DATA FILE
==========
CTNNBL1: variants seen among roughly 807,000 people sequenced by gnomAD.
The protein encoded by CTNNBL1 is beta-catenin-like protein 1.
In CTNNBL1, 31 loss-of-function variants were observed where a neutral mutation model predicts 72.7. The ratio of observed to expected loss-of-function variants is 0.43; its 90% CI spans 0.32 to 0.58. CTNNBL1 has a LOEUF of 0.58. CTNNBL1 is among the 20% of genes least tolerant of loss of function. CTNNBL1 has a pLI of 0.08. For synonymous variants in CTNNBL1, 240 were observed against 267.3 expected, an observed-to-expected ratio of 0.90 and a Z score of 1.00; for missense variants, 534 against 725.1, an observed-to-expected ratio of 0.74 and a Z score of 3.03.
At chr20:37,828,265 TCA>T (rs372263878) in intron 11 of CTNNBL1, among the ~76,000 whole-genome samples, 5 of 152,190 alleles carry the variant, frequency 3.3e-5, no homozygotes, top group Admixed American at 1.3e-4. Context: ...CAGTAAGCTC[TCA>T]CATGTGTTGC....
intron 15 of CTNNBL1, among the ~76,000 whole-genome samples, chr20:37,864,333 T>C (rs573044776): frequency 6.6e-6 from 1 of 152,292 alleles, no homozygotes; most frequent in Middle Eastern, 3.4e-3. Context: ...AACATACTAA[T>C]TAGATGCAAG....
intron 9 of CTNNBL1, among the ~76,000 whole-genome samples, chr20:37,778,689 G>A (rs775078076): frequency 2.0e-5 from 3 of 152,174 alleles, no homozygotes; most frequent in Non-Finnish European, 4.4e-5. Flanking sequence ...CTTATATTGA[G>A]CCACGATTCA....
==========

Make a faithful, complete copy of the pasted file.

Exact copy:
CTNNBL1: variants seen among roughly 807,000 people sequenced by gnomAD.
The protein encoded by CTNNBL1 is beta-catenin-like protein 1.
In CTNNBL1, 31 loss-of-function variants were observed where a neutral mutation model predicts 72.7. The ratio of observed to expected loss-of-function variants is 0.43; its 90% CI spans 0.32 to 0.58. CTNNBL1 has a LOEUF of 0.58. CTNNBL1 is among the 20% of genes least tolerant of loss of function. CTNNBL1 has a pLI of 0.08. For synonymous variants in CTNNBL1, 240 were observed against 267.3 expected, an observed-to-expected ratio of 0.90 and a Z score of 1.00; for missense variants, 534 against 725.1, an observed-to-expected ratio of 0.74 and a Z score of 3.03.
At chr20:37,828,265 TCA>T (rs372263878) in intron 11 of CTNNBL1, among the ~76,000 whole-genome samples, 5 of 152,190 alleles carry the variant, frequency 3.3e-5, no homozygotes, top group Admixed American at 1.3e-4. Context: ...CAGTAAGCTC[TCA>T]CATGTGTTGC....
intron 15 of CTNNBL1, among the ~76,000 whole-genome samples, chr20:37,864,333 T>C (rs573044776): frequency 6.6e-6 from 1 of 152,292 alleles, no homozygotes; most frequent in Middle Eastern, 3.4e-3. Context: ...AACATACTAA[T>C]TAGATGCAAG....
intron 9 of CTNNBL1, among the ~76,000 whole-genome samples, chr20:37,778,689 G>A (rs775078076): frequency 2.0e-5 from 3 of 152,174 alleles, no homozygotes; most frequent in Non-Finnish European, 4.4e-5. Flanking sequence ...CTTATATTGA[G>A]CCACGATTCA....